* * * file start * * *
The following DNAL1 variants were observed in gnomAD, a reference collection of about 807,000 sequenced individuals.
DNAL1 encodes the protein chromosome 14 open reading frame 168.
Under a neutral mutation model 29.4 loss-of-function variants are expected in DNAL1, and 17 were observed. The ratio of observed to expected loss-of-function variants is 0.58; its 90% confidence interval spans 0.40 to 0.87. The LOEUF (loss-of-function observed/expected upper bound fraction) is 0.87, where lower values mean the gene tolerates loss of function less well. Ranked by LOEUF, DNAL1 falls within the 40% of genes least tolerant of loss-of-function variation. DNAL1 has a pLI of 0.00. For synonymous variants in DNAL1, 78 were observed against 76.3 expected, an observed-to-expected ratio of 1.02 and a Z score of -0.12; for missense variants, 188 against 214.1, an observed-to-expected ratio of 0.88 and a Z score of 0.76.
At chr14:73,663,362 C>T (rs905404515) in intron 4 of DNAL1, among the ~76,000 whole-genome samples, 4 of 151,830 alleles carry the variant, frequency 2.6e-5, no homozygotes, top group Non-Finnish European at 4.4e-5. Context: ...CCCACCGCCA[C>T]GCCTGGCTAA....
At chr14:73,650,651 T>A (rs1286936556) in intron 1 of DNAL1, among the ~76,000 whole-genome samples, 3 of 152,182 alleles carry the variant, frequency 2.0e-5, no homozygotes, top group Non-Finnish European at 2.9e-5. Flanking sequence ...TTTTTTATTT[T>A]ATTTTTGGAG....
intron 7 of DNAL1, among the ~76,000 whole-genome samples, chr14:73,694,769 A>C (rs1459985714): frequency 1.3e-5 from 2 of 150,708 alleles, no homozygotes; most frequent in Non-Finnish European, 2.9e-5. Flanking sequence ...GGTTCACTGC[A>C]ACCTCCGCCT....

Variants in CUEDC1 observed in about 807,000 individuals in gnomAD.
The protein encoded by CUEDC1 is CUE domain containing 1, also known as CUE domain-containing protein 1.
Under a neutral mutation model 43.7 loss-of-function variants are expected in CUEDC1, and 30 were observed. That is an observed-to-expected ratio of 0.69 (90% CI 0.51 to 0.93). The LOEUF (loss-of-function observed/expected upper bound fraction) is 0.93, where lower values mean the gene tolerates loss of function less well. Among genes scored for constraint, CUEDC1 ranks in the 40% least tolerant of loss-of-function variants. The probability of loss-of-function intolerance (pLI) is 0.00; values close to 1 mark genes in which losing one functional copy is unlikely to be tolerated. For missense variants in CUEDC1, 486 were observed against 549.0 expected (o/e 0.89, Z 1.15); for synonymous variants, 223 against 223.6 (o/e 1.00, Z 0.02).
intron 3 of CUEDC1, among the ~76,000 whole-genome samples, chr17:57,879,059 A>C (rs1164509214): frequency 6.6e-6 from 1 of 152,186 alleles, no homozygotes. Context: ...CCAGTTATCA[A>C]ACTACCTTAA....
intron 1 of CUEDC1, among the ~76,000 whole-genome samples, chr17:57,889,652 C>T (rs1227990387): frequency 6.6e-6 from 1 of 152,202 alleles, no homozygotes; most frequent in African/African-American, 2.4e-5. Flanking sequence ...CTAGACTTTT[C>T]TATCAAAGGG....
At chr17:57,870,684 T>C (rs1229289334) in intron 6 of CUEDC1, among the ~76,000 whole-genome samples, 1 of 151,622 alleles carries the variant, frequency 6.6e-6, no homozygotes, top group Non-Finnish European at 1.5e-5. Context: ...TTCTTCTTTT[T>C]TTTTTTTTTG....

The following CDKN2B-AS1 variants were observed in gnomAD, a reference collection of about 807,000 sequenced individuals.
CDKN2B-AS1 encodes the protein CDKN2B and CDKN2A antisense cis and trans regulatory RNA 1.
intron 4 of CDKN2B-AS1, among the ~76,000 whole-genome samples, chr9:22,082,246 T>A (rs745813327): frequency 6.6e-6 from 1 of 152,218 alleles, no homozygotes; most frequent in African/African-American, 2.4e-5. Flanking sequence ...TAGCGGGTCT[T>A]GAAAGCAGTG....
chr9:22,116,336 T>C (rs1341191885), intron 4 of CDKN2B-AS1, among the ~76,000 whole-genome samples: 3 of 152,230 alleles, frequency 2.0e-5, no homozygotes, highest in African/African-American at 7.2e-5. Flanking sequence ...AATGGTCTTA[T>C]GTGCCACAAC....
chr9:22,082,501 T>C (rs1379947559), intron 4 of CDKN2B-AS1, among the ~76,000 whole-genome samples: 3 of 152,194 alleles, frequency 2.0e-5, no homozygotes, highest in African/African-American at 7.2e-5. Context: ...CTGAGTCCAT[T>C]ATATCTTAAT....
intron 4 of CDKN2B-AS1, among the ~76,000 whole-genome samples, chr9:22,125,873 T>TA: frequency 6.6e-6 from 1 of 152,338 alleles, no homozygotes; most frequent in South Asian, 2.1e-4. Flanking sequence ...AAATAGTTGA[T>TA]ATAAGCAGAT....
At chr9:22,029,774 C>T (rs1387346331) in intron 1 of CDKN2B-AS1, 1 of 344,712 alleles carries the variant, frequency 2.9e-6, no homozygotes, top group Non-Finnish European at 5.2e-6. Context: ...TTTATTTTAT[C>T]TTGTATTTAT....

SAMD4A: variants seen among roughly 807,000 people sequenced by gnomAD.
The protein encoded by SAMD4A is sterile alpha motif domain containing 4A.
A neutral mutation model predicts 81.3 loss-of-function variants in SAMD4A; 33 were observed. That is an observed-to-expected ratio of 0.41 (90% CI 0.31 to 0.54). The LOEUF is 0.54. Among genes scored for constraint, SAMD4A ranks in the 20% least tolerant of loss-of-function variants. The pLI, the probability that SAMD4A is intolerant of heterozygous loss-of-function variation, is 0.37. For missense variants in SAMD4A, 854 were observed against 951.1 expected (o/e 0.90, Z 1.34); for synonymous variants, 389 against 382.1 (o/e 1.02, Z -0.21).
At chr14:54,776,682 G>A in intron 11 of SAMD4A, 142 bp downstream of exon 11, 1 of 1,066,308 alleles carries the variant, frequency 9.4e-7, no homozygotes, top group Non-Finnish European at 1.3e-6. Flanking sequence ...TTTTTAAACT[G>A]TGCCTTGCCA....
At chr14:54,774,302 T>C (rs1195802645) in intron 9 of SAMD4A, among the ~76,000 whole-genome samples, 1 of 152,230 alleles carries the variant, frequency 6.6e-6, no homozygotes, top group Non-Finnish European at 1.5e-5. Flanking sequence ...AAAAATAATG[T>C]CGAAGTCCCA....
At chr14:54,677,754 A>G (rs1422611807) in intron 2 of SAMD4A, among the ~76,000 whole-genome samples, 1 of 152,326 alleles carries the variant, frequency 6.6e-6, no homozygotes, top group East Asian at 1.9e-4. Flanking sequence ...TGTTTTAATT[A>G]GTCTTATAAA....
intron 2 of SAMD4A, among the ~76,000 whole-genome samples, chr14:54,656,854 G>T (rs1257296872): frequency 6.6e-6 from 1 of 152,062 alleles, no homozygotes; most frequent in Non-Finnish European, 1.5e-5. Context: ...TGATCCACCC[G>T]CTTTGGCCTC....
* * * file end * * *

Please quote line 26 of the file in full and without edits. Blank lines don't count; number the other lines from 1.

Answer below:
intron 2 of SAMD4A, among the ~76,000 whole-genome samples, chr14:54,656,854 G>T (rs1257296872): frequency 6.6e-6 from 1 of 152,062 alleles, no homozygotes; most frequent in Non-Finnish European, 1.5e-5. Context: ...TGATCCACCC[G>T]CTTTGGCCTC....